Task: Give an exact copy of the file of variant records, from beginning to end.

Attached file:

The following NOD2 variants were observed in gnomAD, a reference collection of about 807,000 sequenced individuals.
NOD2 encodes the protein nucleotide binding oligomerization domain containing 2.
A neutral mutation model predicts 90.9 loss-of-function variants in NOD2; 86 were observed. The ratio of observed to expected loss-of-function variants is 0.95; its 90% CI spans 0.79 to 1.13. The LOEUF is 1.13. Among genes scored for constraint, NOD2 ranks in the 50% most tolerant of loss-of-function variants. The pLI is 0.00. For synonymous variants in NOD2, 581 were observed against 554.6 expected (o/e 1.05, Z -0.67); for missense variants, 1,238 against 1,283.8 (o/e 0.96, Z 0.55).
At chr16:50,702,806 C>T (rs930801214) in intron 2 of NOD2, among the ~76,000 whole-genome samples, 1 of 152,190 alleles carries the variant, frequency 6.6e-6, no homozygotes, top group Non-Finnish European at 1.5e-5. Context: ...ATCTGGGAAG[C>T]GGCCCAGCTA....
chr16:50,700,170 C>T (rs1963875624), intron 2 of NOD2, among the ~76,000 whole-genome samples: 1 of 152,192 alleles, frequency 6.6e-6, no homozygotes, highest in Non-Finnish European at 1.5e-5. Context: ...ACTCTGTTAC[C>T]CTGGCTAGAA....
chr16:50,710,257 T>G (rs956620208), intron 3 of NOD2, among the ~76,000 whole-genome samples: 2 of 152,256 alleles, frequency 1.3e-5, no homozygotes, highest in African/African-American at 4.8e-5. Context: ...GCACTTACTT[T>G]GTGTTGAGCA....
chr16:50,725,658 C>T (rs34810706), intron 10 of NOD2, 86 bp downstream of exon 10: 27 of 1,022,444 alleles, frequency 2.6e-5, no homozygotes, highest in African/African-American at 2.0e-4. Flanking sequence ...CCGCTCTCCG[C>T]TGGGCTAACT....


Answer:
The following NOD2 variants were observed in gnomAD, a reference collection of about 807,000 sequenced individuals.
NOD2 encodes the protein nucleotide binding oligomerization domain containing 2.
A neutral mutation model predicts 90.9 loss-of-function variants in NOD2; 86 were observed. The ratio of observed to expected loss-of-function variants is 0.95; its 90% CI spans 0.79 to 1.13. The LOEUF is 1.13. Among genes scored for constraint, NOD2 ranks in the 50% most tolerant of loss-of-function variants. The pLI is 0.00. For synonymous variants in NOD2, 581 were observed against 554.6 expected (o/e 1.05, Z -0.67); for missense variants, 1,238 against 1,283.8 (o/e 0.96, Z 0.55).
At chr16:50,702,806 C>T (rs930801214) in intron 2 of NOD2, among the ~76,000 whole-genome samples, 1 of 152,190 alleles carries the variant, frequency 6.6e-6, no homozygotes, top group Non-Finnish European at 1.5e-5. Context: ...ATCTGGGAAG[C>T]GGCCCAGCTA....
chr16:50,700,170 C>T (rs1963875624), intron 2 of NOD2, among the ~76,000 whole-genome samples: 1 of 152,192 alleles, frequency 6.6e-6, no homozygotes, highest in Non-Finnish European at 1.5e-5. Context: ...ACTCTGTTAC[C>T]CTGGCTAGAA....
chr16:50,710,257 T>G (rs956620208), intron 3 of NOD2, among the ~76,000 whole-genome samples: 2 of 152,256 alleles, frequency 1.3e-5, no homozygotes, highest in African/African-American at 4.8e-5. Context: ...GCACTTACTT[T>G]GTGTTGAGCA....
chr16:50,725,658 C>T (rs34810706), intron 10 of NOD2, 86 bp downstream of exon 10: 27 of 1,022,444 alleles, frequency 2.6e-5, no homozygotes, highest in African/African-American at 2.0e-4. Flanking sequence ...CCGCTCTCCG[C>T]TGGGCTAACT....